Regarding Ned Barnett’s March 2 column “Taxes: how much and how fair?”: Conservatives simplified N.C.’s 1930s based tax system. We repealed more than 40 loopholes, greatly increased the standard deduction, lowered and flattened the rates applying equally to all taxpayers. Hidden, confusing franchise taxes were replaced with transparent sales taxes.
“Fairness” improves by taxing the same things the same way. Conservatives lowered the regressive sales tax rate, saving working families money on essential, everyday items like clothes and diapers. We kept food and prescription drugs free from state sales tax and kept Social Security untaxed.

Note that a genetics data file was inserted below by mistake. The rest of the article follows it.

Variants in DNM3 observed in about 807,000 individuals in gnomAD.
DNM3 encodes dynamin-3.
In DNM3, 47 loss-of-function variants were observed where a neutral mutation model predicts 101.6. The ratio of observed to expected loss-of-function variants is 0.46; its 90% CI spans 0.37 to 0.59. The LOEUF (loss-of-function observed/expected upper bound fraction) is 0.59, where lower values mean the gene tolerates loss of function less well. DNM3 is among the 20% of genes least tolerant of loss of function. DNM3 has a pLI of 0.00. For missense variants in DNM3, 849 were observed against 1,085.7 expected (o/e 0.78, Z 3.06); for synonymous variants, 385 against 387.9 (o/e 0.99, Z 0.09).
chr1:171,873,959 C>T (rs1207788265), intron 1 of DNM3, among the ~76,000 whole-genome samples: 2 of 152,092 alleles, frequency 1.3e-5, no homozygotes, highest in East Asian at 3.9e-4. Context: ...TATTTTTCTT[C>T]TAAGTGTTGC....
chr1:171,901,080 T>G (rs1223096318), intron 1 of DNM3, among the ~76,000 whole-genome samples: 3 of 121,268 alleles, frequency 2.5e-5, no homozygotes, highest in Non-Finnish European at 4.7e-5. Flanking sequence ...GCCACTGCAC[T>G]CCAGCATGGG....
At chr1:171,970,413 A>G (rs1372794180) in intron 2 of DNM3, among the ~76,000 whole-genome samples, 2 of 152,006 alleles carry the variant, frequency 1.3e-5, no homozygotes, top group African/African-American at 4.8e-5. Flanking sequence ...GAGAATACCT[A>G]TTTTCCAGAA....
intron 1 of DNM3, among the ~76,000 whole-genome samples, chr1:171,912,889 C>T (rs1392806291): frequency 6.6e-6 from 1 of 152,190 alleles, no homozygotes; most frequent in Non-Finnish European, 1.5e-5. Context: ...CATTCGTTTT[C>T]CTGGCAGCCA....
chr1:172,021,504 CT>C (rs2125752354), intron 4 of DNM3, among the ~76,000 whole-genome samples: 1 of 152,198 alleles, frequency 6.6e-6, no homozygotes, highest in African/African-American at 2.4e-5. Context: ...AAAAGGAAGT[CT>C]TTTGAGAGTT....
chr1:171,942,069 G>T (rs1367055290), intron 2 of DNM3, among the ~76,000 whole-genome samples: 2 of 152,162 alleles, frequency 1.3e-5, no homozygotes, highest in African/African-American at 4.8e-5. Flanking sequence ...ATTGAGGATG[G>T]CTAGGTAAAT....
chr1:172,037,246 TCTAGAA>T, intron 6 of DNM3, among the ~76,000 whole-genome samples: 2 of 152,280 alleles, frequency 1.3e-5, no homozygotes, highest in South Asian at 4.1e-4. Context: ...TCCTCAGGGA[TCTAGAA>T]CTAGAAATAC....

Barnett wrote, “Tax laws should ... redistribute the burden upward.” He fails to acknowledge those earning more pay more income taxes with the majority of income taxes already paid by middle- and upper-income families. Desire to “redistribute” is social policy.
Taxes should be as low as possible, applied to as broad a base as possible and structured to encourage savings and investment. He wrote, “Taxes should be broadly increased” but misses the point that taking more money from residents to operate government than is absolutely necessary is unjust.
Conservatives, like families across our state, have begun to identify savings and efficiencies in state government. Spending wisely is the first step toward good government – not spending more.
State Rep. David Lewis
The writer, a Republican, represents N.C. District 53.